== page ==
I mentioned that I use regionalism to tell my stories. This includes my incorporation of my culture’s folktale characters and creatures into my works. I retell my versions of the stories so many from my region grew up with, and I also create my own stories of those monsters our parents used to threaten us with to behave. They were real to me when I was small, but they’re disappearing with each new generation. I write about them to keep them alive through literature.
6. What do you think lies ahead for the genre?
I like to think women will be the trailblazers of the genre and that we’ll make a name for ourselves in horror as much as men or maybe more so. And I hope a resurgence of the “scary” stories like Poe’s or Shelley’s will arise. Less blood, guts, and gore; more psychological and traditional horror.
7. Like many things, women are underrepresented in the horror genre. Why do think this is and why is it critical to have women more represented in horror?
I’m not sure what the answer to this question is. The women horror authors I’ve become associated with are masters of the genre. Why they have yet to be discovered I don’t know. Like any other genre, it’s critical that women are represented for their unique execution of horror in writing; they bring a different voice, perspective, and creativity to the genre.
8. Any tips for new women writers in the horror genre?
As I said, I fell into the horror genre because my stories always seem to have a dark side to them. Women have a deep well of horror stories inside them if they use their imaginations to imagine the worst of life. A mother’s worst fear is losing a child, but the human fear of losing one’s mind or having a loved one transform into a monster or any situation where we are powerless—any of those dark thoughts we’re all capable of, those are prime pickings for horror. But we must remember that with the dark comes light, and we can use writing to dispel those depressing thoughts and not let them be overwhelming. Writing something lighthearted or including comedic scenes while writing horror can keep us grounded.
9. Who are some of your favorite women horror authors to read?
The authors I’ve published with in anthologies are among the best horror writers I’ve read. R.A. Goli writes erotic horror (which I’d never heard of before I started reading her short story collection, Unfettered). Her stories blow me away—she rewrites tales we’re all familiar with. One which stands out is her rendition of Poe’s “The Raven” from the bird’s POV. I’ve published in two horror anthologies with outstanding women horror writers: R.A. Busby’s psychological horror “Holes” is the stuff of nightmares. Jill Girardi, publisher of the Women in Horror anthologies, is also a truly terrifying horror writer in her own right. Her story “Firstborn” is haunting.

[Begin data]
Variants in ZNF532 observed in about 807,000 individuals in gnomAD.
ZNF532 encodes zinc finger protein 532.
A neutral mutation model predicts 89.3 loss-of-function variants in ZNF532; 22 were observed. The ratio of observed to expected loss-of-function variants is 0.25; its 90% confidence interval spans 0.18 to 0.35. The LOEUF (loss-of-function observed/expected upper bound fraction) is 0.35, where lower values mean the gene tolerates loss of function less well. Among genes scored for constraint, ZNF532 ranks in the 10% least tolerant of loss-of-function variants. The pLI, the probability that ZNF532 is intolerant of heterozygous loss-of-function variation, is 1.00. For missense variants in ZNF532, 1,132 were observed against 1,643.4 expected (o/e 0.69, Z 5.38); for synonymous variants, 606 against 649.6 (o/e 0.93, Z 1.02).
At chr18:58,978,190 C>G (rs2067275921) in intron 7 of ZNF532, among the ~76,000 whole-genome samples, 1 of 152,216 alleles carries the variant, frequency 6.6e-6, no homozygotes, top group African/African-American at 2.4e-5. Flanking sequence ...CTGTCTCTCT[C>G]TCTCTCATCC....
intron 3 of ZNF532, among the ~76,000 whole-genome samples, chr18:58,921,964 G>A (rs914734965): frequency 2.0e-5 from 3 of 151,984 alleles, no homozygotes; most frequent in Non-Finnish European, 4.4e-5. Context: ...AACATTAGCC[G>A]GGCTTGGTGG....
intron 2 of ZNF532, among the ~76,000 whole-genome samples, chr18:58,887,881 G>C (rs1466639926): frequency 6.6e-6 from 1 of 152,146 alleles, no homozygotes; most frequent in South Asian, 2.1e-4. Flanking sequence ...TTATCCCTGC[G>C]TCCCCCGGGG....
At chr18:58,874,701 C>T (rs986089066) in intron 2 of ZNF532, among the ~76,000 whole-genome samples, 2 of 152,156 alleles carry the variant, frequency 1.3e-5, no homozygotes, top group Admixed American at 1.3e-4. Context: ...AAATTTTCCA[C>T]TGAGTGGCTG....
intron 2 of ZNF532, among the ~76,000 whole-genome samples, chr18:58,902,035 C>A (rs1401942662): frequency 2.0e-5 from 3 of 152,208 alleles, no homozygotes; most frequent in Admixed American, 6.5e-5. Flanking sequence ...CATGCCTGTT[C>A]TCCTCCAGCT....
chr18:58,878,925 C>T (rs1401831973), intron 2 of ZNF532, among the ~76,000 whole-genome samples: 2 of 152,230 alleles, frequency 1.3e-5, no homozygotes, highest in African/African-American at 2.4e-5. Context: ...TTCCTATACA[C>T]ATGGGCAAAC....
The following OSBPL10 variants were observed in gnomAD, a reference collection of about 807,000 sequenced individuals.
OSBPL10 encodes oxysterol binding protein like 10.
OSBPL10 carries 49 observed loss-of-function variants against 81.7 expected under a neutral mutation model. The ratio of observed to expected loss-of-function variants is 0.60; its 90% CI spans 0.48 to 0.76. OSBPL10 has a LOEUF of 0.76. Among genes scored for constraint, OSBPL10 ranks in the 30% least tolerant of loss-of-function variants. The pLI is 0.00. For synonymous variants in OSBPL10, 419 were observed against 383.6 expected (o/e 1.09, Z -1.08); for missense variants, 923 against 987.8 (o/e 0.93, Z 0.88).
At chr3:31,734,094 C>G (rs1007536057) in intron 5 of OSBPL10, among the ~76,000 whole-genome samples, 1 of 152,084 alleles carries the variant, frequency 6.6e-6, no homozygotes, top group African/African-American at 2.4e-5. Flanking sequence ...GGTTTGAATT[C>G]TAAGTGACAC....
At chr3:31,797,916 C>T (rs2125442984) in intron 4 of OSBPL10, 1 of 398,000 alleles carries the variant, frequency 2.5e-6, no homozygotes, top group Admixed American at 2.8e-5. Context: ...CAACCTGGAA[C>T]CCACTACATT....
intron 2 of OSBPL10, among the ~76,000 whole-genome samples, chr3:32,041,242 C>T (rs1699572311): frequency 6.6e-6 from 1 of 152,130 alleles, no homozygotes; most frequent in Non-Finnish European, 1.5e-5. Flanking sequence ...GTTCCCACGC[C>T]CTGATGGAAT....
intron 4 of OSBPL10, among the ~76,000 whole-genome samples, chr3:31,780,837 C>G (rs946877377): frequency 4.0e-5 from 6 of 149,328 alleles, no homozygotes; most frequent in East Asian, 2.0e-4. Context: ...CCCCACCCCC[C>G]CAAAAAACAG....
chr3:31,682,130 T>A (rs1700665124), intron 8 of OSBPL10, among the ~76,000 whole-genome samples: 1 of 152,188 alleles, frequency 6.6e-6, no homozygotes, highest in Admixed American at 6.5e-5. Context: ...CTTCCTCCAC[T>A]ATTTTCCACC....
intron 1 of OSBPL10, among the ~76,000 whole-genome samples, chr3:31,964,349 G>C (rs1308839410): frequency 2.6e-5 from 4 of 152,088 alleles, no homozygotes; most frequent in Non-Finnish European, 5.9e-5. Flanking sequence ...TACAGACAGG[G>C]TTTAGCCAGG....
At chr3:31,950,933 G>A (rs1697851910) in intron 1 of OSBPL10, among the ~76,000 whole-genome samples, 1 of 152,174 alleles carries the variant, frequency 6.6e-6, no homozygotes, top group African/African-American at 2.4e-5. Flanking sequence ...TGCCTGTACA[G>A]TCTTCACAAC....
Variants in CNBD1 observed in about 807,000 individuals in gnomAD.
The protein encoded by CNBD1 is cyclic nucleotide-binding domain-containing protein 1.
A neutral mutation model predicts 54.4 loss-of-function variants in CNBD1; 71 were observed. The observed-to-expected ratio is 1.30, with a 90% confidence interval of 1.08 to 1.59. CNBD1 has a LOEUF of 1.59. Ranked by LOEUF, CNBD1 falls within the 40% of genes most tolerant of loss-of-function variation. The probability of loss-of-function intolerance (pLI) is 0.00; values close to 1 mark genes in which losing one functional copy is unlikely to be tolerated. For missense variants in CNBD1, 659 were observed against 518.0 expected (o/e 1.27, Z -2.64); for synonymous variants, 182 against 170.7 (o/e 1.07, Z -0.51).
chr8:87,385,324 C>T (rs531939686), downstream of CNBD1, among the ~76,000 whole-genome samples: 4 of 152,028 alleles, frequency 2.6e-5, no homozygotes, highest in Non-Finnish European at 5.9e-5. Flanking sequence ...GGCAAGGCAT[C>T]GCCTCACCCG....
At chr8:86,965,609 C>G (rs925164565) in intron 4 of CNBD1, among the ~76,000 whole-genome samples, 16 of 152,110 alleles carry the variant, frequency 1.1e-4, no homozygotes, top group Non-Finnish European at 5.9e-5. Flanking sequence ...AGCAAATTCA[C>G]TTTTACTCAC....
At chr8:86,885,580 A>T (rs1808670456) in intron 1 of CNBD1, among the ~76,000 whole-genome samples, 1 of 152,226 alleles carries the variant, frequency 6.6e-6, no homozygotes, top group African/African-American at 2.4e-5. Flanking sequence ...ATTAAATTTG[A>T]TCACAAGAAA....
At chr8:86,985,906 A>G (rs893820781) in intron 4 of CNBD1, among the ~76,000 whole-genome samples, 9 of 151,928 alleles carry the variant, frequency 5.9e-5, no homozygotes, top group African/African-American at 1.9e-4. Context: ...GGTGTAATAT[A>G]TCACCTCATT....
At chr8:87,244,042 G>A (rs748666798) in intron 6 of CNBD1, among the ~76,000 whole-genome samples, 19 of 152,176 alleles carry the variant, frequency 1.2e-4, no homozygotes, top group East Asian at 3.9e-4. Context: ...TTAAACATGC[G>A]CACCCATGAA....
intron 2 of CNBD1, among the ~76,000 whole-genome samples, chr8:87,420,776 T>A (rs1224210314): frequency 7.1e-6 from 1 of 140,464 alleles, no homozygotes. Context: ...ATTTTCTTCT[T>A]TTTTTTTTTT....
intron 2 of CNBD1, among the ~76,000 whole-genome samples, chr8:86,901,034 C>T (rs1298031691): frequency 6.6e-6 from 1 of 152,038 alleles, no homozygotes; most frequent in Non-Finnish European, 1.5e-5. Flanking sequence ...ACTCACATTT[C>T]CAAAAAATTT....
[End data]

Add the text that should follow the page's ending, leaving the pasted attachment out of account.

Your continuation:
10. For readers who have never read your work, what should they start with and where can they find more information about you?
Several of my short horror stories are available for free from the pinned post on my FB page. Some are my retellings of folk tales, like “Baile de Diablo” (The Devil’s Dance), “La Muerte,” (a tale of Santa Muerte), “Encounters with Death,” among several others. The pinned post links all my publications, a mix of historical fiction, horror, speculative fiction, non-fiction, among several other genres.
I am Sterp. I write horror fiction and have a very unhealthy obsession with disturbing narratives. I am the author of The Cult Called Freedom House: Sophia Rey Book One. My short story The Lost Tea Cup will be in Issue 26 of The Literary Hatchet in 2020. I am also a painter.